Not everyone would consider it a great opportunity to participate in a job competition against the defending Super Bowl champion Seahawks in front of their deafening home crowd at CenturyLink Field.
But that's the way Jordan Palmer's looking at Friday night's game in Seattle.
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Palmer is battling Jimmy Clausen for the top spot -- and maybe the only spot -- behind starting quarterback Jay Cutler. Palmer will follow Cutler in the rotation against a Seahawks defense that was the NFL's best in six key categories last year, including passing yards allowed, average gain per pass allowed and interceptions.
Both teams will play their starters longer than in any other preseason game, possibly into the third quarter. So Palmer may not see many of the Seahawks' starters, but he also won't benefit from playing with most of the Bears' starters.
Everyone will have to deal with the racket.
"It's a great opportunity because of the environment," Palmer said. "There's going to be some adversity that we're going to have to deal with (regarding) the noise. It's a great opportunity to show some composure and move the team down the field."
In limited preseason work, Cutler has a 123.3 passer rating, but he'll face a tougher test than he did versus the Eagles and Jaguars.
"Jay will work certainly into the second quarter," coach Marc Trestman said. How much longer he plays, possibly, into the first possession of the third quarter, "will be dependent on a number of different things," the coach said.
One factor will be how well an offensive line still missing right tackle Jordan Mills protects Cutler, who has not been sacked in the preseason.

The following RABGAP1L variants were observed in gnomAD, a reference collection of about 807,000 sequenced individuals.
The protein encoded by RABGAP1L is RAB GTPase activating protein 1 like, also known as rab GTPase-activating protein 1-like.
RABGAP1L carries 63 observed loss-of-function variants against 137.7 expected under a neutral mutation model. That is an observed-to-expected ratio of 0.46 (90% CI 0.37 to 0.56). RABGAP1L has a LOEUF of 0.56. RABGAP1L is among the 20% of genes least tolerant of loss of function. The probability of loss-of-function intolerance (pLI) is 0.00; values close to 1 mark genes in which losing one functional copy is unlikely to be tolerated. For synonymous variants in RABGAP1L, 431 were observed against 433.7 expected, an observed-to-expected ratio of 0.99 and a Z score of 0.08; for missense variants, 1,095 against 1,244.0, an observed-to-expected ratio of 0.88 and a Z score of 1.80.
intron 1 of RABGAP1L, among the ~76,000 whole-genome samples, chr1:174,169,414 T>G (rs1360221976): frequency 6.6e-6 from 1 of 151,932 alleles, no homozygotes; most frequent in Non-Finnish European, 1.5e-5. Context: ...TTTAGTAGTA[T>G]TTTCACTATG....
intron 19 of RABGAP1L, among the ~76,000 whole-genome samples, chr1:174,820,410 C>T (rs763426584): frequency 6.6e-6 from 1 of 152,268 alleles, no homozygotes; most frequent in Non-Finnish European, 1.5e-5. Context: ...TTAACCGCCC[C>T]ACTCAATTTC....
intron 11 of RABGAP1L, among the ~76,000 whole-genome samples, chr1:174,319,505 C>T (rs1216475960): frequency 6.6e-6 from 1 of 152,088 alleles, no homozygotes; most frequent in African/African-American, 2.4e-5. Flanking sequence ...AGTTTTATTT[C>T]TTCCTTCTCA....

After Cutler departs, Palmer should play about a full quarter, as will Clausen, who will close. Rookie sixth-round quarterback David Fales is not expected to play.
Cutler and the No. 1 offense have the luxury of two more weeks to tinker with any problems they encounter Friday night. More is at stake for Palmer and Clausen, especially if the Bears decide to keep just two quarterbacks on the 53-man roster.
Fales seems a logical choice for the practice squad, which has been expanded this year from eight to 10 players. In that case, both veterans could stick, but that's iffy.
Palmer says he doesn't have time to ponder how the QB battle and the numbers game will play out for the final roster spots.
"I seldom think about the competition," he said. "We have so much stuff on our plates as quarterbacks in this system every day to get prepared for practice, to get prepared for preseason games. I'm locked in."
Palmer played just the fourth quarter last week in the second preseason game but helped the Bears rally from a 12-point deficit to a 20-19 victory, directing a pair of late TD drives.
"It was a lot of fun going in down 12 and trying to get the most out of each play and letting guys make plays," the sixth-year veteran said. "It's a confidence builder."
In five NFL seasons over six years, Palmer has zero starts and has thrown just 15 passes while playing in only four games. He's thrown just 3 passes since 2009 (completing them all).
"I'm grateful for any opportunity," he said. "I'm at the point in my career, where it could have been over a couple of different times. Just to be competing against quarterbacks that are really, really good, I'm excited. That's the only way I'm looking at it."
Every play, positive or negative, could be the one that determines who stays and who goes, but that's not the mindset Palmer wants to have as he goes into any game.
"That's why I'm definitely not thinking about it that way," he said. "I'm thinking about trying to get the most out of each series and putting together some drives and trying to win a game. The other stuff, it doesn't really enter my mind."
By the time Clausen gets in, he'll be playing with some second-team guys and some third-team hopefuls. Some he'll be familiar with, some he won't -- pretty much the plight of any backup QB in the preseason.
"It's definitely difficult," Clausen said. "You don't get a lot of (practice) reps with some of the guys. You just have to adjust, trust that they're going to be in the right place and put the ball there for them."